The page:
Note: My firm signs a confidentiality agreement with all of its clients. This client generously granted permission for me to write this story despite that agreement.
My firm recently conducted a media training session with the senior executives of the Ladies Professional Golf Association (LPGA). Among our trainees was the LPGA’s impressive Commissioner, Michael Whan.
In preparation for our session, I read dozens of news stories about the LPGA. One of those stories—an article by Jason Sobel that ran on ESPN.com in 2010—immediately caught my eye, because it teaches all media spokespersons a critical lesson.
Here’s how Sobel’s article began:
“There are a few things about new LPGA commissioner Michael Whan that struck me as noteworthy upon the first time I interviewed him:
- He makes the call. Literally. There is no office assistant or lackey who phones for Mr. Whan, then puts you on hold while the commish gets around to talking. He punches the buttons all by himself, which is momentous for its opposition to others in such positions.
- It’s never “Mr. Whan.” In fact, it’s not even “Michael.” He instead introduces himself simply as “Mike.” Again, that may not sound like much, but it’s a personal touch others reserve only for the most informal moments.
- He says thank you. Not at the end of conversations, which is pretty standard. No, he actually sends an e-mail thanking the interviewer later that day. I can count on one hand the number of times that’s happened over the years.”
Whan impressed the interviewer before the “official” interview even began simply by placing the call directly. That “small” thing gave Sobel a positive impression of the Commissioner from the very start, influencing not only the tone of the article, but becoming the article’s lead.
CEOs and executives should learn from Whan’s example. While they’re at it, they should also keep in mind that speaker phones can also rub reporters the wrong way, since they can suggest that the executive is far too important to actually pick up the phone (plus, the poorer audio places a barrier between interviewer and interviewee).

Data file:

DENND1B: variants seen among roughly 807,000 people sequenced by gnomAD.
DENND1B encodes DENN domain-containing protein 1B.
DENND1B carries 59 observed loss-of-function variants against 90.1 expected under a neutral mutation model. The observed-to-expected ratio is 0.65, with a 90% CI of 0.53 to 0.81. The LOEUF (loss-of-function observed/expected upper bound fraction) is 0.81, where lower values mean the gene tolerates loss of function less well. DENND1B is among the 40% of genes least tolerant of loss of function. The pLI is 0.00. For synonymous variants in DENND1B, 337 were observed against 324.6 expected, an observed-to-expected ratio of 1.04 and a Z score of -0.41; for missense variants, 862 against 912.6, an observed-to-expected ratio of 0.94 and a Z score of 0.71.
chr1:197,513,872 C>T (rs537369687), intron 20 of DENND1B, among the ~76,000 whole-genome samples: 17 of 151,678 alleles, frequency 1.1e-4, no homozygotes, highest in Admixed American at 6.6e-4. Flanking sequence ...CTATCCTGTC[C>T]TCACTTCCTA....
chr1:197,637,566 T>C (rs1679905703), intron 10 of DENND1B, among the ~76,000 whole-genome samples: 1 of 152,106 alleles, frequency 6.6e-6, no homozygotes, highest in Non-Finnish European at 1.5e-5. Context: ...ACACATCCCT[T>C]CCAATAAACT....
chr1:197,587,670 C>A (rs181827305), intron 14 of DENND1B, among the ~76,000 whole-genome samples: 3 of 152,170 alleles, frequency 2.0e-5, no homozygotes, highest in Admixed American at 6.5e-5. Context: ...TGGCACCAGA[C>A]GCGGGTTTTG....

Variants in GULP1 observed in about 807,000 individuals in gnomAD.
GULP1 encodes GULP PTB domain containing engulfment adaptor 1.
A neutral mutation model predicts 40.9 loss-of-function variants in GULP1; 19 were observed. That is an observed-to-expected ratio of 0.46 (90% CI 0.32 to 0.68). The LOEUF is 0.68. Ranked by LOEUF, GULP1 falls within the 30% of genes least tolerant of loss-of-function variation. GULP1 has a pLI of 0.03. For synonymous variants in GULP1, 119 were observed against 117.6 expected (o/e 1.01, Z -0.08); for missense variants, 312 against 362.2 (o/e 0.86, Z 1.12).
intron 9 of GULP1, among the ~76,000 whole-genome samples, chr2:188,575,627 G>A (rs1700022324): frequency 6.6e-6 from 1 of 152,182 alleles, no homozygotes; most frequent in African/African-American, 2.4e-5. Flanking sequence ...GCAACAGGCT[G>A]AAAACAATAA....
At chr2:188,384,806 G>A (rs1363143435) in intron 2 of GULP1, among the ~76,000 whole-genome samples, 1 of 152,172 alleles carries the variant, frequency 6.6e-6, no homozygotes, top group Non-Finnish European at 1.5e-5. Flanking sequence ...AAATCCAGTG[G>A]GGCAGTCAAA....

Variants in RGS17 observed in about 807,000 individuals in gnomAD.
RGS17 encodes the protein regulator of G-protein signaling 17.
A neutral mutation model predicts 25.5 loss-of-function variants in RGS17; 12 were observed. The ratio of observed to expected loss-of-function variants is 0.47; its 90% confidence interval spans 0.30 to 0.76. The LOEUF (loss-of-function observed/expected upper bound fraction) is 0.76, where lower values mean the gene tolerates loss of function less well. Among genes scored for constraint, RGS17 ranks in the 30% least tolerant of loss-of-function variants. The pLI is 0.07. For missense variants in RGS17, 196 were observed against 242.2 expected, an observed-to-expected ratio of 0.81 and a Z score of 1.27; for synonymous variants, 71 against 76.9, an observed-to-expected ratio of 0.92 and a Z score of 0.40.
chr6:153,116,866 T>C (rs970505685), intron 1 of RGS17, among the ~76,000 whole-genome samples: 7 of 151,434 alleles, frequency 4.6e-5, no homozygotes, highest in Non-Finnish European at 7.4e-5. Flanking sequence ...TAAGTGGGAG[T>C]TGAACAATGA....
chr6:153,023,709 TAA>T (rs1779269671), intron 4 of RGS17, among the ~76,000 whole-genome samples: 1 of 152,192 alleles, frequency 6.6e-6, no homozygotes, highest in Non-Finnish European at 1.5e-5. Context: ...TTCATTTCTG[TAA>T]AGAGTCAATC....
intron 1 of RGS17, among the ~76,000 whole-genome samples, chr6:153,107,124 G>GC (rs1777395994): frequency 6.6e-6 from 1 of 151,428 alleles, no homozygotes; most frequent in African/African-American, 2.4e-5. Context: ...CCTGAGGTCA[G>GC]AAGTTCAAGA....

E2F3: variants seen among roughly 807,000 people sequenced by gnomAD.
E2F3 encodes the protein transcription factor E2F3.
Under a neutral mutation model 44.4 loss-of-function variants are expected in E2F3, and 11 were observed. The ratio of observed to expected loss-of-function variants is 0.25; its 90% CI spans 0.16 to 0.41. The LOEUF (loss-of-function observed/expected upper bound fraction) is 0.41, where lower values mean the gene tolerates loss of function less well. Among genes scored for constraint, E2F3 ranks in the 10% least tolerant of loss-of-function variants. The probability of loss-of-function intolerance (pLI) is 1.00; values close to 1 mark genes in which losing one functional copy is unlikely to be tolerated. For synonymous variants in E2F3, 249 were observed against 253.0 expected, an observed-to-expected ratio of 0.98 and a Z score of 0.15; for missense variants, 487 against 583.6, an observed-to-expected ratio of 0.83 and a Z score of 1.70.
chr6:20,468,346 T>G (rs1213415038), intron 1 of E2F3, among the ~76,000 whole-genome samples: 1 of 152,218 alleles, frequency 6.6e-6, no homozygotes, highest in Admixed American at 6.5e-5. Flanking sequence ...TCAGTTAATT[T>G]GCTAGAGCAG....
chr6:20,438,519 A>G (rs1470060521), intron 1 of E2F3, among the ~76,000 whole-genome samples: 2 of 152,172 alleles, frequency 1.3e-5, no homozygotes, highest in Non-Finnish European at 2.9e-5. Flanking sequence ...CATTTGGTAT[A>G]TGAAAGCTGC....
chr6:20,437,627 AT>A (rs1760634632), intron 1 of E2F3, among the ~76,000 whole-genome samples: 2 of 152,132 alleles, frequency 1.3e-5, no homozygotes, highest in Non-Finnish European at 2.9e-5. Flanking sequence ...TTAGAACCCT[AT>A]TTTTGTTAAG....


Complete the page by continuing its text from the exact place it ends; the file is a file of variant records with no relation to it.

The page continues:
Whan’s humility—introducing himself as “Mike” instead of “Michael”—also made a strong impression on the reporter. Mike is as friendly and accessible in person—and despite his humility, there’s no doubting that he’s the big boss. But it does leave a strong impression of a man who is customer-, fan-, and audience-focused rather than self-focused.
Finally, there was his thank you. In addition to being extraordinarily polite, sending a post-interview “thank you” note offers spokespersons a final opportunity to restate their most important messages. Plus, if they forgot to say something during the interview, the post-interview email can be a wonderful opportunity to make that final point.
These points may all seem obvious, but as Mr. Sobel pointed out, they’re also rarely used. His article serves as a wonderful reminder that sometimes, media relations is about the “little” things that far too many people neglect.
PR folks: What “little” things do you do to improve your relationships with reporters?
Reporters: What “little” things do you appreciate from PR folks?
Please leave your thoughts in the comments section below.